test cdi and ignition coil using fluke meter?

GoldenMotor.com

motor_bike_fanatic

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I'm having electrical problems and I don't have any testing equipment. a buddy of mine has a fluke meter. can anyone tell me if we can test the cdi and the coil with a fluke meter and also how to do it and what readings we should look for?
 

Fulltimer

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I'm having an electrical problem also. I checked the CDI with a volt meter but the reading was so fast I couldn't read it. All I could tell was it was putting out something. I have no idea what a Fluke Meter is. But, I will find out thanks to everything being on the internet!

Terry
 

The_Aleman

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Jul 31, 2008
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A Fluke meter is the industry standard. If you don't have a Fluke, you might be considered a fluke yourself in some circles lol

Gar, elitists. But, I would also like to hear from electrical gurus a proper way to test CDI and magneto and then this thread be tagged so :D
 

Venice Motor Bikes

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Mar 20, 2008
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Electrical problems on HT's are something I rarely have... I never install the kill button & remove those wires; I also completely remove the white wire from the engine & I remove the plug ins & solder & heat shrink the blue & black wires.
I always recommend to people that they use battery powered lights & NOT run lights (or anything) off the white wire because I feel that it can create a weaker spark.
On the rare occasion that a bike loses spark?. it's always the magneto inside the engine that went bad. ;)
 

2door

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I have no use for digital meters. Especially when trying to read voltage. I rely on my venerable Simpson 260 analog VOM that is rock steady and reliable.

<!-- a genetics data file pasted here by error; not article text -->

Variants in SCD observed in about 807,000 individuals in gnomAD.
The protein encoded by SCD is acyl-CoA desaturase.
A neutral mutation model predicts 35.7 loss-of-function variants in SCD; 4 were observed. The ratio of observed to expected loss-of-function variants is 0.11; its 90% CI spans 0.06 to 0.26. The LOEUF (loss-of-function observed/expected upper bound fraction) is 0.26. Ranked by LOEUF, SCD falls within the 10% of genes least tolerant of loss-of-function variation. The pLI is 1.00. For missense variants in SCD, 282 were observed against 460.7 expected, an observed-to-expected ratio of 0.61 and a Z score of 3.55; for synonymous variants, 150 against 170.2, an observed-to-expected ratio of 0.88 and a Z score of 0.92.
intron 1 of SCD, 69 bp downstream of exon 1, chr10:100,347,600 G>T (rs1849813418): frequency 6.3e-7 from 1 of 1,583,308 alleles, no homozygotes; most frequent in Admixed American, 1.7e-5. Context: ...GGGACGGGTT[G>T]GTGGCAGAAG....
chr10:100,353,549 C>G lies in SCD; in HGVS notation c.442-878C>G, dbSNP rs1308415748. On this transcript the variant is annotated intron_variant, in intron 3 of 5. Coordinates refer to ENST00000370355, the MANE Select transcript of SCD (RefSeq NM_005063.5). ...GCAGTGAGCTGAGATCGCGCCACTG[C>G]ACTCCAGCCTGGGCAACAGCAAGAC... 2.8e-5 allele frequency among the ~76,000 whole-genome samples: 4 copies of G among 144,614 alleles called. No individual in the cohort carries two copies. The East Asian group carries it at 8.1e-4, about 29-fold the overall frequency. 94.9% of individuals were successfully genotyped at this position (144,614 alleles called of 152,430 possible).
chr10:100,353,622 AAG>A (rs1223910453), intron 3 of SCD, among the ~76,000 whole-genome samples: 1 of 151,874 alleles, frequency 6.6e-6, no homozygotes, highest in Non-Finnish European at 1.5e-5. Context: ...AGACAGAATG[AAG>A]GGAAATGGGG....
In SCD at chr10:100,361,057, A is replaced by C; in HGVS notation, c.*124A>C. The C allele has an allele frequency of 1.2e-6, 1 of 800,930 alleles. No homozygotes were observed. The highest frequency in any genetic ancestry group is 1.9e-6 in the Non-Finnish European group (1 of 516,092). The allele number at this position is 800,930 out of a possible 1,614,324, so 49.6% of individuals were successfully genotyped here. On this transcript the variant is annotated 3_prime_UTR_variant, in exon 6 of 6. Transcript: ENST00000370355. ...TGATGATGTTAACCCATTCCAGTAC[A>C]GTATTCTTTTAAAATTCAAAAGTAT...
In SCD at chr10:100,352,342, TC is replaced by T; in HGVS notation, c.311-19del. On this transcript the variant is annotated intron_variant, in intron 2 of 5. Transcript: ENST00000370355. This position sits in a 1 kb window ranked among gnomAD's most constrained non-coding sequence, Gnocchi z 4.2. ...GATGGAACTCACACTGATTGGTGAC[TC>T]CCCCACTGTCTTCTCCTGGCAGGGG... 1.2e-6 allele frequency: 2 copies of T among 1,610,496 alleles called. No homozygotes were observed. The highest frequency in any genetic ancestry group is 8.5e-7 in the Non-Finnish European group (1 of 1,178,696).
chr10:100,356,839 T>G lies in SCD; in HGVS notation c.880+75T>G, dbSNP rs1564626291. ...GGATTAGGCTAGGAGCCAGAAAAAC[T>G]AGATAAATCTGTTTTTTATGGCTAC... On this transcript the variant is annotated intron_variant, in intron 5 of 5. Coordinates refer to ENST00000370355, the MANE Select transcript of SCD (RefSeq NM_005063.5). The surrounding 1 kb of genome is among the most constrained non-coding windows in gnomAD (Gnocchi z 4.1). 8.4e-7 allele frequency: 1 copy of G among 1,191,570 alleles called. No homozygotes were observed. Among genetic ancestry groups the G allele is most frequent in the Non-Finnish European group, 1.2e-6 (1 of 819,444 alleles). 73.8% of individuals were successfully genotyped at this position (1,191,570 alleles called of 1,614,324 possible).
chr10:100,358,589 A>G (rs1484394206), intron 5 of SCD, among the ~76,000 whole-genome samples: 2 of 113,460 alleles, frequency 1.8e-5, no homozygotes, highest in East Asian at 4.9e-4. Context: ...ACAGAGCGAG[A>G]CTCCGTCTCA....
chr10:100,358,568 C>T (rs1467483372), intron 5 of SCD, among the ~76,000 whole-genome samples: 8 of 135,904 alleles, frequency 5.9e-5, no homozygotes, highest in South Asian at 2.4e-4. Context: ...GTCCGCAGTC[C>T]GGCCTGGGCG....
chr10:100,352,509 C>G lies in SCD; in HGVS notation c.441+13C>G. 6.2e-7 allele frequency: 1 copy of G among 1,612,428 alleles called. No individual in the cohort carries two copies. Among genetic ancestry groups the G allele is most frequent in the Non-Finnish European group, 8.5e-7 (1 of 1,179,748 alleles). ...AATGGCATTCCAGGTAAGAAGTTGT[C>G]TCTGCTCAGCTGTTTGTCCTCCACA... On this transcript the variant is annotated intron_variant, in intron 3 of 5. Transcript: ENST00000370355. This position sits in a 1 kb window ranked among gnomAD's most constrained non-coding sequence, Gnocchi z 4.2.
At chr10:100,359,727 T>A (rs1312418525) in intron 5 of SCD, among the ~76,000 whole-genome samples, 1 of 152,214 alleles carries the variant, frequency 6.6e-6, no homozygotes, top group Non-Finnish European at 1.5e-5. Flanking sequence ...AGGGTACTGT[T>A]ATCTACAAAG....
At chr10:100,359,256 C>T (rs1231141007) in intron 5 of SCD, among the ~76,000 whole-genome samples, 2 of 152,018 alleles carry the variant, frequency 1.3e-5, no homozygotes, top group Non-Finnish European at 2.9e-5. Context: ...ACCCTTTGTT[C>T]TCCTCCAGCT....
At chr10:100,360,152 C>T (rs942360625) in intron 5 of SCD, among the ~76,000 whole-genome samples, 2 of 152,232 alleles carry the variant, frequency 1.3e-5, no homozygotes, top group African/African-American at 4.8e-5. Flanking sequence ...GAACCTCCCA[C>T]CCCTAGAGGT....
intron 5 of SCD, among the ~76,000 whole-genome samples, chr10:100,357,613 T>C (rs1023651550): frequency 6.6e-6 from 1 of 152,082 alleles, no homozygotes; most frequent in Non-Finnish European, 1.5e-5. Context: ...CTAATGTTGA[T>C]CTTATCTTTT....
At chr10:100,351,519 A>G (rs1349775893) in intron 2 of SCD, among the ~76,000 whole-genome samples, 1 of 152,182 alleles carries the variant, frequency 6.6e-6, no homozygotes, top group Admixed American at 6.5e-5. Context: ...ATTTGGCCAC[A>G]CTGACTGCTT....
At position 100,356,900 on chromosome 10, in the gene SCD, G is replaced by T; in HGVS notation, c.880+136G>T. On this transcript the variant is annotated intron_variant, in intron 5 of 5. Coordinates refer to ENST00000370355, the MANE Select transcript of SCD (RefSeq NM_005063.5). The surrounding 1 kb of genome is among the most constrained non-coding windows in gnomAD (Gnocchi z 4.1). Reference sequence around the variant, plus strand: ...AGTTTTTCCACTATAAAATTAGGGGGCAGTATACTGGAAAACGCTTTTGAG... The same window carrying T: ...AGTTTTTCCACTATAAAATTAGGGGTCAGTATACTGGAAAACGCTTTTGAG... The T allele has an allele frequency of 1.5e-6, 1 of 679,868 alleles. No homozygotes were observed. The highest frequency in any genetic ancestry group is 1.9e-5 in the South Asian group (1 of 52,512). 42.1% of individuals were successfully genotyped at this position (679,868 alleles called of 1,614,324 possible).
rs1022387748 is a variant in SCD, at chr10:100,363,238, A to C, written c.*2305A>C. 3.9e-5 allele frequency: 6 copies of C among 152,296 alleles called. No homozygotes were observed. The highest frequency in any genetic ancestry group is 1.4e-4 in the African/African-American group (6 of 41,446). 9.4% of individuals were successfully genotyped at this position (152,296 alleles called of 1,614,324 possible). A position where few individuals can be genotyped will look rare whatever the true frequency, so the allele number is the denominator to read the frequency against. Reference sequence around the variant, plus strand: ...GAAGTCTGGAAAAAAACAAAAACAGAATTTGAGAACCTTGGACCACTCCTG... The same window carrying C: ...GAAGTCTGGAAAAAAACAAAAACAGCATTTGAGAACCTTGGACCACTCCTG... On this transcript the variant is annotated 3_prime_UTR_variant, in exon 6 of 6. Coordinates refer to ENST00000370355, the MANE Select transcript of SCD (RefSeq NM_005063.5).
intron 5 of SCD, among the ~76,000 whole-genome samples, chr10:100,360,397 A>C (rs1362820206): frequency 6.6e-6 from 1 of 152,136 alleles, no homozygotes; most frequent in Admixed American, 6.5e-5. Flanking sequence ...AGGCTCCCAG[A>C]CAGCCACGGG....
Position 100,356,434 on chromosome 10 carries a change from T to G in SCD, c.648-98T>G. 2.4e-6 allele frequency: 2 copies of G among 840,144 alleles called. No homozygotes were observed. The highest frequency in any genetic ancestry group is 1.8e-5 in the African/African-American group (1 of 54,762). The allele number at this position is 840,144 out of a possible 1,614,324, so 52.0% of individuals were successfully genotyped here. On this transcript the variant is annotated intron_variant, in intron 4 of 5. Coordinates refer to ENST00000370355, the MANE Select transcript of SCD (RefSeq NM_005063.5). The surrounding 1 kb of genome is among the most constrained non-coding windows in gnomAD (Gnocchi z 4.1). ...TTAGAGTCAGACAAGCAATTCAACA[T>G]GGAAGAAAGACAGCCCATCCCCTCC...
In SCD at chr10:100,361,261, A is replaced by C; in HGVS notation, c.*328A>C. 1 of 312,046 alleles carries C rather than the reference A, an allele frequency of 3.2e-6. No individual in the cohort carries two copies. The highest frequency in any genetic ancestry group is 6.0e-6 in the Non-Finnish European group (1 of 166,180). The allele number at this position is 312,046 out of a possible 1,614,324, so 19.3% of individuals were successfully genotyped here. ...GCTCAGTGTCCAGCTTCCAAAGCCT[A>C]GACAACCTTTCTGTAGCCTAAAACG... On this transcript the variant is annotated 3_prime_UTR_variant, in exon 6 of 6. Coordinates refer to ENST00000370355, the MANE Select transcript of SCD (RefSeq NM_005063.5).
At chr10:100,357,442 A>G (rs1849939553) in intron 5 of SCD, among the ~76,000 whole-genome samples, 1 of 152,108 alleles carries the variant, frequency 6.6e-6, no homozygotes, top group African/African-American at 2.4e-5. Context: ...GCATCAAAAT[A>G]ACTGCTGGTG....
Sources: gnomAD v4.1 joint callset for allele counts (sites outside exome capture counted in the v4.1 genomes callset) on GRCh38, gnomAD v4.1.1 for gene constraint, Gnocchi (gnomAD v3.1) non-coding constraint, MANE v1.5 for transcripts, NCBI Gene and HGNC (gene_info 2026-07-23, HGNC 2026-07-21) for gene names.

Here's some ohm readings that have proven to be reasonably accurate for testing the electrical components. Readings can vary but if you're in the ball park you should be good to go.
And Barley Awake is right, Fluke is an overpriced product with a word-of-mouth reputation. Simpson is the better choice.

Use Low Ohm-Meter Scale About 200 Ohms

Magneto Coil

1) Check Ohms between BLACK wire and WHITE wire. Reading should be around 2 Ohms
2) Check ohms between BLUE wire and WHITE wire. Should be around 300-400 ohms.

CDI

Use Ohm Meter High Scale About 200-K
1) Positive lead on BLUE wire and Negative lead on BLACK wire should read infinite (no activity)
2) Positive lead on BLACK wire and Negative lead on BLUE wire. Should be about 130-150 K-ohms
3) Positive lead on Spark Plug wire and negative lead on BLUE wire. Should read between 135-155 K-ohms

Switch to Low Scale 20K
4) Measure between Spark Plug wire and Black lead. Should be about 2.5 - 2.7 K- ohms

Tom
 
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motor_bike_fanatic

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well, my buddy doesn't have a simpson, he has a fluke. I don't have money to buy testing equipment. who cares if its overpriced? I didn't pay for it. as long as it works, that's all that matters.
 

Fulltimer

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I have no use for digital meters. Especially when trying to read voltage. I rely on my venerable Simpson 260 analog VOM that is rock steady and reliable.
Here's some ohm readings that have proven to be reasonably accurate for testing the electrical components. Readings can vary but if you're in the ball park you should be good to go.
And Barley Awake is right, Fluke is an overpriced product with a word-of-mouth reputation. Simpson is the better choice.

Use Low Ohm-Meter Scale About 200 Ohms

Magneto Coil

1) Check Ohms between BLACK wire and WHITE wire. Reading should be around 2 Ohms: Mine is good
2) Check ohms between BLUE wire and WHITE wire. Should be around 300-400 ohms.: Mine is good.

CDI

Use Ohm Meter High Scale About 200-K